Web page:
Today was 70 degrees in New York City. For those of us who enjoy the warmer weather, this was a day to finally look forward to! I took the time today to stroll around. Being a gal who is very much the metal element in Chinese Medicine, most often epitomized by a very organized disposition, a pedal-to-the-metal attitude, sometimes Type A personality, and a concern for justice, among other things, I try to incorporate much downtime to just be present and be in the now. To try to take notice of what a good friend calls, “tree song”.
This was one of those days.
So I walked from an errand on 86th Street into Central Park. Strolled around, and just observed the people laying out on the grass, on the benches, the flowers in bushes and trees that have bloomed, and, as I’ve affectionately observed in my New York state of mind, the squirrels on crack (although most likely factually incorrect nowadays, back in the day, it was well known that squirrels would “pick up” paraphernalia left behind by actively using humans.) You could often tell, because they’d be a tad too frenetic, run as quick as their little feet would go, get aggressive about their nut stash, bugged out in the eyes. I’m sure they are much healthier now.
Down I keep walking, avoiding the running children and gigantic baby buggies, smiling at the tiny dogs on leashes that have bigger egos than their bodies allow, and enjoying the ever interesting fashion sense (or complete lack thereof) of the people in this glorious city.
At the pond where they have remote-controlled boats, there was a food stand. I decided to pick up a sweet potato knish (knishes are a NYC staple, and basic ones can be found at many a food cart on corners in the city. But sweet potato is somewhat gourmet!) I sat on a wooden bench nearby, in partial shade, watching the boats and people watching, eating my knish, enjoying the cinnamon-y aftertaste of the sweet potato. And, then I was up exploring again.
I found myself at the lower level at the Bethesda Terrace. The main centerpiece being one of the most recognized fountains in the world, Bethesda Fountain. It was designed by Emma Stebbins, the first woman to receive a commission for a major work of art in New York City. It’s been featured in many movies, including, “When In Rome”, and “Made of Honor”. I’m not including this info based on movie excellence, just the facts, people!
According to Movie Places: Vacation Travel Guide To Filmed Locations, “The winged female figure is said to symbolize and celebrate the purifying of the city’s water supply when the Croton Aqueduct opened in 1842 bringing fresh water to the entire city. In one hand, she holds a lily, the symbol of purity and blesses the water with her other hand extended. Below the “Angel of the Waters” are four smaller figures symbolizing Temperance, Purity, Health, and Peace.”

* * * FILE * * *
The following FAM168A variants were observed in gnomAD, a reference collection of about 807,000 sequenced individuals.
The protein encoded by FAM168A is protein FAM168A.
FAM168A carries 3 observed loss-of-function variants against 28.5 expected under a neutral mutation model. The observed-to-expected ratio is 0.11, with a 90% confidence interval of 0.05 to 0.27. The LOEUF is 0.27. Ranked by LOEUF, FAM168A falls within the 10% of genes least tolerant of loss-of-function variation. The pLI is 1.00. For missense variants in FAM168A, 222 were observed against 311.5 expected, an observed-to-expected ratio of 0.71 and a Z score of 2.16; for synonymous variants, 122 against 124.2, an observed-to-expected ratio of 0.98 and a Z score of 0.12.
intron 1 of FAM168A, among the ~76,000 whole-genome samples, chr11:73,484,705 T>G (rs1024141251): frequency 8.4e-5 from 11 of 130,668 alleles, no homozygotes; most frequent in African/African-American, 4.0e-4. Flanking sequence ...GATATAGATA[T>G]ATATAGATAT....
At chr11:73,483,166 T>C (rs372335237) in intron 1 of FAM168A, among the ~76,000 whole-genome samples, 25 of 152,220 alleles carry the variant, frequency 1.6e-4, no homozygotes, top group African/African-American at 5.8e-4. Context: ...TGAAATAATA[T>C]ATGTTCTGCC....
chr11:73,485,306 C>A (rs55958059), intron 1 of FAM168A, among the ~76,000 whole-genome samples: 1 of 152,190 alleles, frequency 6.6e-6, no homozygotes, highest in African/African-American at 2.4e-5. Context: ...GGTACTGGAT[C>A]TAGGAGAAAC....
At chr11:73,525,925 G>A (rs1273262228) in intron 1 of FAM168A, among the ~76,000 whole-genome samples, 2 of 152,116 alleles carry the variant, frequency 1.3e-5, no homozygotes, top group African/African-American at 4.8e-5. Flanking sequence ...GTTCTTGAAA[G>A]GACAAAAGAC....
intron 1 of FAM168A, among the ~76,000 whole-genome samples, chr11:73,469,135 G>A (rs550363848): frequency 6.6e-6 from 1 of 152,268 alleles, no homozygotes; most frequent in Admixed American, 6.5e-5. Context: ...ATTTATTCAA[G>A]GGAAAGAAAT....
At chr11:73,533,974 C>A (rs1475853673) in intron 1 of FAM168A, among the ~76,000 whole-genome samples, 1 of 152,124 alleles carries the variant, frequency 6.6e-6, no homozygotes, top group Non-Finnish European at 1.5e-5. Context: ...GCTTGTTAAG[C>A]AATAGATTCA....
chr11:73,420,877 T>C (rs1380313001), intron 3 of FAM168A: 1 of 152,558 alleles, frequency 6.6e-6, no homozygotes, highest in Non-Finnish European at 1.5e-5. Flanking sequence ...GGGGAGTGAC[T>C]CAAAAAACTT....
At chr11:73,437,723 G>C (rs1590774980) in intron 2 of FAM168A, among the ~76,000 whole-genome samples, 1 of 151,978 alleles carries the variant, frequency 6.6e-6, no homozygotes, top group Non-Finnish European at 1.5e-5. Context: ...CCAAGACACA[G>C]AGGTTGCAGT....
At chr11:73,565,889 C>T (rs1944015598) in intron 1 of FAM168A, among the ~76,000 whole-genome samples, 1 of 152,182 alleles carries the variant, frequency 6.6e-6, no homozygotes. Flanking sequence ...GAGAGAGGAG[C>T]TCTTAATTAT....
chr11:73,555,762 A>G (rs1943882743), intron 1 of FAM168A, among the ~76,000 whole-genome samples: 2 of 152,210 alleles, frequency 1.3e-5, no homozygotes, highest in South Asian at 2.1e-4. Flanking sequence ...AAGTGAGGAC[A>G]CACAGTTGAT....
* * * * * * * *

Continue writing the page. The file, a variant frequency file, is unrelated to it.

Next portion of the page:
I sprawled myself across a luxurious stone bench on the west side of the fountain, admiring the view, taking in much needed Vitamin D and sunshine. It is so important to get out and get some sun, trees, and flowers, once and a while! Acupuncturist that I am, I’ve become very aware of things that promote wellness. And, getting away from the hustle and bustle, if even for a brief moment, to de-stress, recharge, rejuvenate, and re-member yourself is a must!
But, I also used to work in a dermatologist’s office, and, so, must emphasize the importance of wearing at least 30 SPF on your face and body, reapplying every couple of hours. And make sure you get sunscreen that addresses both UVA and UVB rays. Not only are you trying to avoid skin cancer and overexposure to sun, but sunscreen under makeup helps halt the aging process (including wrinkles), if done on a regular basis. I, personally, wear 30-45 SPF on the face, and 70+ SPF on the body, especially to protect some artwork, some of which you may have noticed by now.
Facial Rejuvenation. Photo by St. John’s Hill Clinic.
Speaking about skincare and wrinkles, I offer acupuncture facial rejuvenation at my private practice. This is if you haven’t been good about applying constant sunscreen lotion, and fine lines are starting to form. Lines that are not yet set in the face respond well to facial acupuncture on a regular basis. Needles used on the face are usually the Japanese kind, because they are extremely thin. There are other needles that are called intradermals, that are smaller, and finer, and better for other parts of the face. I can vouch for the benefits of facial acupuncture, because I perform it on myself sometimes to plump up a line that wants to start setting up camp on my face. It’s been quite effective! Facial Acupuncture works by stimulating collagen, and increasing blood flow and nourishment to the area, working especially well on fine lines. I’ve worked facial acupuncture over the forehead, near the eyes, by the laugh lines, and even the neck. It is something that works, but must be performed consistently, in order to see a difference. If you’d like to learn more about facial acupuncture, do drop me a line!
Before I traipsed off into the sunset, with perhaps the most color I’ve received in an entire year, I seized the moment to do some stream of consciousness writing exercises into my journal. I then started to dip into my illustrator past and began sketching the entire fountain into my journal. And, there it was. My lovely moment of sun and fun in Central Park, documented in my journal – words, art, and ink, forever!
I highly recommend a trip to Central Park. It is an easy place to get in touch with joy in your life. One note though: you may want to try the spinach knish instead of the sweet potato one…
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